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Work Zones: Why Daily Safety Meetings are Important

According to the federal Department of Transportation (DOT) a work zone is an area of a highway with construction, maintenance, or utility work activities. A work zone is typically marked by signs, channelizing devices, barriers, pavement markings, and/or work vehicles. Highway, road, street, bridge, tunnel, utility, and other workers for the highway infrastructure are exposed to hazards from outside as well as from inside the work zone.

Signage for Work Zones
Signage for Work Zones
OSHA Standard 1926.200(g)(1-2) Construction areas shall be posted with legible traffic signs at points of hazard. All traffic control signs or devices used for protection of construction workers shall conform to Part VI of the MUTCD, 1988 Edition, Revision 3, or Part VI of the MUTCD, Millennium Edition, incorporated by reference in Sec. 1926.6.

For crews that are working on projects in work zones, a daily safety meeting at the start of every shift is recommended. If that is not feasible, then weekly safety meetings with every crew on the project should be held.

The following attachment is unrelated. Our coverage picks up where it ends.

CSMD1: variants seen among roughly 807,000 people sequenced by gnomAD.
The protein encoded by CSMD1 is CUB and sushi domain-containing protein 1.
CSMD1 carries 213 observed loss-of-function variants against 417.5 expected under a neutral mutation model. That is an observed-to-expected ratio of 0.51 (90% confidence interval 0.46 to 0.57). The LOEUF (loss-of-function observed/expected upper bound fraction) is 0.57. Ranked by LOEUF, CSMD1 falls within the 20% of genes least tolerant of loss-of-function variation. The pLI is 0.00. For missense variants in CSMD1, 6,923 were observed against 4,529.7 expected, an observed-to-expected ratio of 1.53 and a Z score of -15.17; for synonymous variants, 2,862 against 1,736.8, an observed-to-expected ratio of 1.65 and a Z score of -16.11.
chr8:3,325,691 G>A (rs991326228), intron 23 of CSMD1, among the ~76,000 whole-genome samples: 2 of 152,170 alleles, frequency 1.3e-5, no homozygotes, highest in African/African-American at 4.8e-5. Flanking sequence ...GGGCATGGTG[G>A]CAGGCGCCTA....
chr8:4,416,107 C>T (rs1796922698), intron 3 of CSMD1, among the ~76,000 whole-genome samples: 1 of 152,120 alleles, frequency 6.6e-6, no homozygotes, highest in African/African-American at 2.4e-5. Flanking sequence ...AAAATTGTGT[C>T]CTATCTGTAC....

In addition to covering other hazards that are specific to the project and the job site, the points listed below for work zone safety should be emphasized at every safety meeting.

  • Workers need to be visible to any potential traffic and heavy equipment.
  • Safety vests may need to be worn with hard hats to help the worker stand out and be visible to traffic.
  • Work zones need to be clearly identified both for the safety of the workers and for the public.
  • Federal and State standards regulate the type of signs, barricades, barriers or channeling devices that can be used.
  • Posted speed, type of work and time of day are all factors that workers should know when required to establish work zones.
  • Workers should obey the requirements of the work zone including wearing the correct safety equipment.
  • Damaged barriers and signs or missing cones or traffic control devices should be reported immediately and replaced as soon as possible.
  • Flaggers must be properly trained and equipped with the correct tools to perform the work.
  • Flagger stations should be located so that an errant vehicle has additional space to stop without entering the work space.

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